The "unbalanced" nature of Ireland’s economic development must be addressed despite the economic downturn, a report on the west of Ireland said today.
The report published by economist Jim Power of Friends First examined the effect of the boom years on counties Donegal, Leitrim, Sligo, Mayo, Roscommon, Longford, Offaly, Galway and Westmeath.
“One of the most worrying features of the strong Irish economic performance of recent years has been the unbalanced nature of regional economic growth and development,” Mr Power said at the report’s launch in Galway this morning.
“It is incumbent on policy makers and stakeholders to rectify this regional imbalance which won’t be easy in today’s testing economic and financial circumstances.”
He said the Government must ensure that national policies, such as Transport 21 and the National Development Plan, are delivered to the fullest extent possible despite the difficult economic and financial environment.
“Already, some projects are being deferred or delayed and certainly there is a clear risk that this will get worse over the next couple of years as the Government struggles to rebalance the national finances,” Mr Power added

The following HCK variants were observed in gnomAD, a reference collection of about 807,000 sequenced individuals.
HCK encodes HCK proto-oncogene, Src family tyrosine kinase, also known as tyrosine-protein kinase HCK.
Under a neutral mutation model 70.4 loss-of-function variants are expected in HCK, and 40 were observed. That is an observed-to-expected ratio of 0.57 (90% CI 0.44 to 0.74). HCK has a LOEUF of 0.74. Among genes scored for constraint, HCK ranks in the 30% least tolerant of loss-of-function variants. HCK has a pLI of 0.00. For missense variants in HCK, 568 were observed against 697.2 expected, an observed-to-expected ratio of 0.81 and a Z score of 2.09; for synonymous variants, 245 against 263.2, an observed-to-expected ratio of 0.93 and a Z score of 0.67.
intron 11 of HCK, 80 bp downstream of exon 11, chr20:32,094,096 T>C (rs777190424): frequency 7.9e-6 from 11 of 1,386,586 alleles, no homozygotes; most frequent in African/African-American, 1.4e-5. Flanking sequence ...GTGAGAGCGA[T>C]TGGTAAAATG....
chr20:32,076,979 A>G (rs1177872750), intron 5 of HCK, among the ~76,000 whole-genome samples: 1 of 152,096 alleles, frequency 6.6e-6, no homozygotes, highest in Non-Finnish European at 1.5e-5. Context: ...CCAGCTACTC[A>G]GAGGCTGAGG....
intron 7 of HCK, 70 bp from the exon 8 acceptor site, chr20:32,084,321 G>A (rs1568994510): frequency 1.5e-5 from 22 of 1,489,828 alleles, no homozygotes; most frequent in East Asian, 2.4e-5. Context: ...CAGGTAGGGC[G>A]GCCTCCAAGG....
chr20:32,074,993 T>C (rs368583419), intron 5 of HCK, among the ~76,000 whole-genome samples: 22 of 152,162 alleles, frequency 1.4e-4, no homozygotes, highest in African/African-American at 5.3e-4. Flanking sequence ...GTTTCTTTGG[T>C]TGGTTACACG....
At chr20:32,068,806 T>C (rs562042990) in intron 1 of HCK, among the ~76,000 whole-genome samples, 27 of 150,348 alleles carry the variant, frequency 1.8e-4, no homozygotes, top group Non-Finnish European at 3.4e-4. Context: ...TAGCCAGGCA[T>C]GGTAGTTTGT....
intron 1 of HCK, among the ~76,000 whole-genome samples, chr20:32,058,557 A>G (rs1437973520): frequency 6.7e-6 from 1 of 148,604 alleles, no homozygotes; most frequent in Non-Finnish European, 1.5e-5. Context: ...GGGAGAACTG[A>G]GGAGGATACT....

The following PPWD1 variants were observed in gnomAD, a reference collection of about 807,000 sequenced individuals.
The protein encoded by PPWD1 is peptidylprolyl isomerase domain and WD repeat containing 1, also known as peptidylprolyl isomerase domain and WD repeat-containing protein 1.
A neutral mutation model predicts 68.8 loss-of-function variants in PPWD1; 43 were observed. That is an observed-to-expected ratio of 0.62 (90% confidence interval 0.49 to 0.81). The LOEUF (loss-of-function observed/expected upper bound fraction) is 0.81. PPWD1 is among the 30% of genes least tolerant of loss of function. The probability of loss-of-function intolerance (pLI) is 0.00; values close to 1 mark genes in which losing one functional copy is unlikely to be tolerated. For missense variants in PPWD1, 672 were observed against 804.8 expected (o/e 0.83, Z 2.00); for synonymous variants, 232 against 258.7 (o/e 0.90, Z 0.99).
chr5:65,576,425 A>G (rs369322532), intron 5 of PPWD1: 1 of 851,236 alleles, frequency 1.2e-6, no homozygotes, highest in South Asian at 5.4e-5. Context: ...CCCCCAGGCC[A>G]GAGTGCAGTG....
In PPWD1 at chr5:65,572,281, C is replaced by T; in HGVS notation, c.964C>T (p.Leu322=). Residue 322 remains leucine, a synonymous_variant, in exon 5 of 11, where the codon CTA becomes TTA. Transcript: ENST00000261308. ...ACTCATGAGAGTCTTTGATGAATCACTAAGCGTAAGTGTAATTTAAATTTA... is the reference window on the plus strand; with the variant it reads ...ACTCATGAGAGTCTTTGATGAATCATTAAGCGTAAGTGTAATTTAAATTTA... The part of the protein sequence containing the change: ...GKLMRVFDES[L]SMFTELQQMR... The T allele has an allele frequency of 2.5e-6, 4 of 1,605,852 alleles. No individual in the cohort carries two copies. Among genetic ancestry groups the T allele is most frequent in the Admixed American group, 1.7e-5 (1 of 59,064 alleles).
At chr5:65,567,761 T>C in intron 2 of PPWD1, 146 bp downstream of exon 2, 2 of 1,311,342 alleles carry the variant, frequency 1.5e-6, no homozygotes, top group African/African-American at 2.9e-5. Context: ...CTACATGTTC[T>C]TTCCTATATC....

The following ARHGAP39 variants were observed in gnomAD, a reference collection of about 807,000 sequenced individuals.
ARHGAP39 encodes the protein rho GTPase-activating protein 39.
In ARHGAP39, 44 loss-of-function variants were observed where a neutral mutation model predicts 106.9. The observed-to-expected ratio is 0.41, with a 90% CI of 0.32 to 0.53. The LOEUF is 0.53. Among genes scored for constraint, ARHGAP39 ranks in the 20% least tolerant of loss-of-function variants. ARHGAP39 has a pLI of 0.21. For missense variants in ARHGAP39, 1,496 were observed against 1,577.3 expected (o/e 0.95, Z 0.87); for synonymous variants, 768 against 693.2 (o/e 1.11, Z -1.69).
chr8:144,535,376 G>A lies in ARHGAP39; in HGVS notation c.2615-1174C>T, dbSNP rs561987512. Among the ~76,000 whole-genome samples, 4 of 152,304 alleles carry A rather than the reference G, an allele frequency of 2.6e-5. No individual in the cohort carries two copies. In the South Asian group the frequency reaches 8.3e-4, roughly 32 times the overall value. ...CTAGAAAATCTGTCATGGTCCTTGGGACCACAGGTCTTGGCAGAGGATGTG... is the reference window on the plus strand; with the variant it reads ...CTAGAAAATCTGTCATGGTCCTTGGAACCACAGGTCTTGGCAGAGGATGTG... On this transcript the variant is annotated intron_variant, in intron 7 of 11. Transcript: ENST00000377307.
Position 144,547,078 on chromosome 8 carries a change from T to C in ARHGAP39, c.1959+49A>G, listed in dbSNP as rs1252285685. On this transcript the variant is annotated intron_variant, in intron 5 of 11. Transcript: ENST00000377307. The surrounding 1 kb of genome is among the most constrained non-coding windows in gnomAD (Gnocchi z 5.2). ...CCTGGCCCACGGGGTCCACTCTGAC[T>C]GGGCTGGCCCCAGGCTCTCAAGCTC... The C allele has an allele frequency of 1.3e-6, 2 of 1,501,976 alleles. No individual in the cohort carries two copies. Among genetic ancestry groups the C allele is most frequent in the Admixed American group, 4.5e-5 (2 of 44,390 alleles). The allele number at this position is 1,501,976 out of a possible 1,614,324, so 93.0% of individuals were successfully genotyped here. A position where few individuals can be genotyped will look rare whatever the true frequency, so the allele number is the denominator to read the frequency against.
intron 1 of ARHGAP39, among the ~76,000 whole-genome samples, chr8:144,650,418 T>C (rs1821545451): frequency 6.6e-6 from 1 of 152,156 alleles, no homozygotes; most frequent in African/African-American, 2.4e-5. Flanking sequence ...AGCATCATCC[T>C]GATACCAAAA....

Mr Power highlighted a number of measures, which he said should be taken:
The completion of the inter-urban motorway network by 2010;
The funding of essential capital works at the six existing regional airports;
The upgrading of the N5 with an investment of €220 million over four years to protect 9,000 manufacturing jobs. According to the Mayo Industries Group the bad condition of the road from Longford to Scramogue in Roscommon is damaging product, delivery and travel times are slow and cost competitiveness is being negatively affected;
Broadband availability needs to be improved as it is “a key business and economic enabler particularly important for geographically remote areas”.
The report highlighted the fact that the midlands region had the lowest level of disposable income in the State (9.4 per cent lower than the national average and 19.3 per cent lower than the highest region Dublin). The Border region had second lowest (8.9 per cent lower than national average and 18.9 per cent lower than Dublin) and the west region third lowest (7 per cent lower than national average and 17.2 per cent lower than Dublin).